Canada’s Transportation Safety Board (TSB) released a final report early this month on the June 2010 accident at Ottawa’s MacDonald-Cartier International Airport (CYOW) in which the pilots of a Trans States Airlines Embraer ERJ 145LR were unable to stop the aircraft on the airport’s 8,000-foot Runway 7 during landing. With 33 passengers and a crew of three–none of whom was injured–the aircraft made a smooth touchdown 1,740 feet beyond the threshold of a wet runway approximately eight knots too fast.
Embraer ERJ 145 family
UTC Aerospace Systems (Chalet A330, Hall Concorde 35) has won a contract from Virgin Atlantic Airways to supply the wheels, carbon brakes and MRO services for the airline’s fleet of 16 Boeing 787-9s, the first of which the airframer plans to deliver in September 2014. UTC Aerospace said it would supply the parts through its Wheels & Brakes division, based in Troy, Ohio.
The carbon brakes on the 787-9 use UTC’s Duracarb carbon heat sink material, which, according the company, lasts 35 percent longer than competitive products.
The recent experience of the crew of a Part 121-operated Embraer ERJ-145 underscores the value of returning to the destination in the event of encountering icing. The crew noticed that ice (which they later classified as “severe”) had begun accumulating on the windshield wipers and nose and that the aircraft’s anti-ice system could not be turned on. As they attempted to operate the anti-ice manually, the system came to life but produced a master warning on the Eicas followed by a “bleed air 2 overtemp” warning.
Japan’s first indigenous commercial passenger jet, the MRJ, is on track to make its first flight this year, according to Hideo Egawa, chairman and CEO of Mitsubishi Aircraft. While Mitsubishi Heavy Industries has long contributed components and assemblies in support of other manufacturer’s projects, the next-generation MRJ represents its first designed and produced passenger jet. Indeed, Egawa described the task of integrating all the efforts to produce the regional jet as one of the biggest challenges Mitsubishi Aircraft has faced since its launch in 2008.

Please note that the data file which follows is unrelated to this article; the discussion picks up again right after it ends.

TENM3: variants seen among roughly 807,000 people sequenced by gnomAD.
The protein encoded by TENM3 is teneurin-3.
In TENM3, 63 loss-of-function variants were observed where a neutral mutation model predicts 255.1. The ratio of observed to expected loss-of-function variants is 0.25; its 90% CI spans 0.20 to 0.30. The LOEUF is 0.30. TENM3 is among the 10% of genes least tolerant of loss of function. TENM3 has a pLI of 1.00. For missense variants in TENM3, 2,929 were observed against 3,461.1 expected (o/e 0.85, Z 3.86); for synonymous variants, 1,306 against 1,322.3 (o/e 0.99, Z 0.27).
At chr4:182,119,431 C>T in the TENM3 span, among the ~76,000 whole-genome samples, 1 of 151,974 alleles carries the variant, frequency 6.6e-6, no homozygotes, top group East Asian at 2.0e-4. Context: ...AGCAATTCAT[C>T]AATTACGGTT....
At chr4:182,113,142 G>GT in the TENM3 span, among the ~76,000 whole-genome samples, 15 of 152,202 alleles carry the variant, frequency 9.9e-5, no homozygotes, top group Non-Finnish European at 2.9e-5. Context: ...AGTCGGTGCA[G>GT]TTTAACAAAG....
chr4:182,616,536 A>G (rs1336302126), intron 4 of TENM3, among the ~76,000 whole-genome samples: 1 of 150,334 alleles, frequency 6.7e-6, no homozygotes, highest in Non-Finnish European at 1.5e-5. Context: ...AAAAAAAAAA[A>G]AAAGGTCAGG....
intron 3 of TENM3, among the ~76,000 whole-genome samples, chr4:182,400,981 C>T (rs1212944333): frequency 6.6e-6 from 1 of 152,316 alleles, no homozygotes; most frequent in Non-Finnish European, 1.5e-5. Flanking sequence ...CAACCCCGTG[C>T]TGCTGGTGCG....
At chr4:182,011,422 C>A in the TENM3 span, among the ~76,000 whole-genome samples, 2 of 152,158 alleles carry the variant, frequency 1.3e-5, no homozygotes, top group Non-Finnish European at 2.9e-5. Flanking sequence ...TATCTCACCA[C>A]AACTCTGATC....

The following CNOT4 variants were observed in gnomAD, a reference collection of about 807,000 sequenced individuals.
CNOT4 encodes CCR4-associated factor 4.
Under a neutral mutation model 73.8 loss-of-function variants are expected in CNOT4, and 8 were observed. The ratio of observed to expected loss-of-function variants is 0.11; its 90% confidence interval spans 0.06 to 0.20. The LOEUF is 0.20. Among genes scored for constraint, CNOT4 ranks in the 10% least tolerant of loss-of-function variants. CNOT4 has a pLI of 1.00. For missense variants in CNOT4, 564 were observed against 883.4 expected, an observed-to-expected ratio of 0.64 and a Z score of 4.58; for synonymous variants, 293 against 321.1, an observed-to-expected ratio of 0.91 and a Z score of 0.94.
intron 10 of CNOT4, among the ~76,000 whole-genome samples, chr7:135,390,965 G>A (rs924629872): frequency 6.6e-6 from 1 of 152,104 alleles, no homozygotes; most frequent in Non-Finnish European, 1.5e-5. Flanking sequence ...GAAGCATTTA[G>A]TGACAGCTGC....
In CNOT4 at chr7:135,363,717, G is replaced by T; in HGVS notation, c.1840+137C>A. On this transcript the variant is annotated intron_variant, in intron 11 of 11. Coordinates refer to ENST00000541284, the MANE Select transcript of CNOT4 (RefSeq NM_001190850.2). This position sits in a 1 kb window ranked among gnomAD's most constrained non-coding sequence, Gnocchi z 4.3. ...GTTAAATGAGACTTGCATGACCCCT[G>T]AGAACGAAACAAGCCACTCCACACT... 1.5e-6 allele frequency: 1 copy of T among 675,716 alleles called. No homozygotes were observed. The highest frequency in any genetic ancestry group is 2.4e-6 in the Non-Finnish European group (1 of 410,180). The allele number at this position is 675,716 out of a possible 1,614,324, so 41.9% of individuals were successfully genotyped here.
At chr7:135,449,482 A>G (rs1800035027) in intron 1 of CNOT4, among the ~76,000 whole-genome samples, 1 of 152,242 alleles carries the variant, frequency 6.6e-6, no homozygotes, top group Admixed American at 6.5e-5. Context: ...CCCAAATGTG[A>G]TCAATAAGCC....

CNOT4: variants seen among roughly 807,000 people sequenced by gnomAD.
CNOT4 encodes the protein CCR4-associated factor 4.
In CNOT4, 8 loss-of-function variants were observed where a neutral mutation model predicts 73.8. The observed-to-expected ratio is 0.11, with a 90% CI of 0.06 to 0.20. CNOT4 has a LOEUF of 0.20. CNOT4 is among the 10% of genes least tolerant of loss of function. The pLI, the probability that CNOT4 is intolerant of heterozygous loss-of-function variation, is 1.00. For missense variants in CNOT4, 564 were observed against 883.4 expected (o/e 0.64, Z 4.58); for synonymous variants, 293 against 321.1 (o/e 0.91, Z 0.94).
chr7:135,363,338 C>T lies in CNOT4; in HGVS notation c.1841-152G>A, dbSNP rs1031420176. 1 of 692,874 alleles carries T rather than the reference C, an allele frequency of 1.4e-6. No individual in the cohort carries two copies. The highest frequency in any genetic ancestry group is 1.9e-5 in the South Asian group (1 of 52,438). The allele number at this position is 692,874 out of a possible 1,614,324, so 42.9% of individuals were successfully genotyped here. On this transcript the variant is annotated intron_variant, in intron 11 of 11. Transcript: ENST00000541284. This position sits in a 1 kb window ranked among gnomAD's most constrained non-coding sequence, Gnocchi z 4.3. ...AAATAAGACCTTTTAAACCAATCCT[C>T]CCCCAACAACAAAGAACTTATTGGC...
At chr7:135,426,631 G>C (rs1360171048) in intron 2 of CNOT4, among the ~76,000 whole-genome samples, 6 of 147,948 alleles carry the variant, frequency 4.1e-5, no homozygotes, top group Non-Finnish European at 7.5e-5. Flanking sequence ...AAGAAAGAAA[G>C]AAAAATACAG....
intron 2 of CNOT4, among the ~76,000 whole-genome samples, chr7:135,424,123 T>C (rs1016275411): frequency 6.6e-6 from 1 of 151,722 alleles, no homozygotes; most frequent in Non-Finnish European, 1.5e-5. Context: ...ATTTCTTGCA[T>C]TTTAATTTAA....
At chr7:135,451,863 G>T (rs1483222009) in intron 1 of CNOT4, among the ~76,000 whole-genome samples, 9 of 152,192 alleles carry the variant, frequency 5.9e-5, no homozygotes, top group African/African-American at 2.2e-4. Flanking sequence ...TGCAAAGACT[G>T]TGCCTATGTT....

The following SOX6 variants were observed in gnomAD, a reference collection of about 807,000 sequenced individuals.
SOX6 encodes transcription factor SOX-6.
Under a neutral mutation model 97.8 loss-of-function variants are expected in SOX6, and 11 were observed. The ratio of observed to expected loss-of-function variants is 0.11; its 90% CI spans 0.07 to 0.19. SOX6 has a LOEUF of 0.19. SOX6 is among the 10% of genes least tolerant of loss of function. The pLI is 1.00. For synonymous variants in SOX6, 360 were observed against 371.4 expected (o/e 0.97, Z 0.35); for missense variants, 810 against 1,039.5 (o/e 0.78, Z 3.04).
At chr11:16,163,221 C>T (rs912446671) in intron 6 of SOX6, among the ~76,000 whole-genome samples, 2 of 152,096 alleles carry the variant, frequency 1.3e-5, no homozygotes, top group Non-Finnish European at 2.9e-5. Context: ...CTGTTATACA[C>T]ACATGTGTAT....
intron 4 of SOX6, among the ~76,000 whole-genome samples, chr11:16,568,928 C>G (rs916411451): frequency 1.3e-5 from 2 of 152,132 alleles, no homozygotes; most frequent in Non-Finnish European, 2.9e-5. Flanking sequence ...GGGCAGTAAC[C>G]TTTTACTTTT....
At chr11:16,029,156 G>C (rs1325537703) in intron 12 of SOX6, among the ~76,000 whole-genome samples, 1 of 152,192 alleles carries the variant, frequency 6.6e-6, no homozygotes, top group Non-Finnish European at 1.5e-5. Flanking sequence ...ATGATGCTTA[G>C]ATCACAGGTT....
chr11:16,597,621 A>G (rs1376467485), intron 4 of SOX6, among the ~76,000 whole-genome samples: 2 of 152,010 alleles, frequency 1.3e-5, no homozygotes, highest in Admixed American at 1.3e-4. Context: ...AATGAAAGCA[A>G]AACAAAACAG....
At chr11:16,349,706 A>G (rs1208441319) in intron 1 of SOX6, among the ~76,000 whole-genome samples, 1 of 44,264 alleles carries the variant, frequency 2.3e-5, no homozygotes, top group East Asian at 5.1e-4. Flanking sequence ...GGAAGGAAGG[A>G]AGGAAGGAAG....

Another sign of what Embraer CEO Frederico Curado has characterized as a resurgent regional jet market appeared last week, when United Airlines inked a firm order for 30 of the Brazilian manufacturer’s E175s. The deal, which includes options on another 40 of the 76-seat airplanes, marks the first move by United to exploit its newfound freedom to alter the composition of its regional jet network since its pilots agreed to relax the scope clause in their labor contract last December.
United Airlines has moved to exploit newfound freedom to alter the composition of its regional jet network with a tentative deal to add 30 new Embraer E175s to the United Express fleet.
Brazilian manufacturer Embraer announced on Monday here at ABACE that it received another order for its Lineage 1000. The order is for a single aircraft, which is scheduled for delivery to an undisclosed Chinese customer in the first half of this year, according to Ernest Edwards, president of Embraer Executive Jets. The order builds on previous successes, including an order from Minsheng Financial Leasing for five Lineages.
The success enjoyed by outside players in providing capacity to Africa has meant regional and domestic business has assumed ever-increasing importance not just for Africa’s indigenous airlines but for the continent’s economic growth as well. The tremendous distances between population centers and the lack of convenient and reliable roads also make Africa a bumper opportunity for suppliers of regional jets with seating capacities of around 100.
Air France unveiled the name of a new regional airline in late January that it plans to form through the merger of its Brit Air, Régional and Airlinair affiliates. Plans call for the airline–dubbed HOP!–to launch operations this summer, operating point-to-point flights within Air France’s domestic network from Paris Orly and connecting service to Paris Charles de Gaulle.
Embraer believes it stands to benefit from the Indian military’s desire to maximize commonality in its fleet of aircraft in a bid to control maintenance costs. Five of the Brazilian manufacturer’s Legacy jets are in use with the Indian Air Force (IAF) and Border Security Force for functions such as transporting government officials and visiting foreign dignitaries.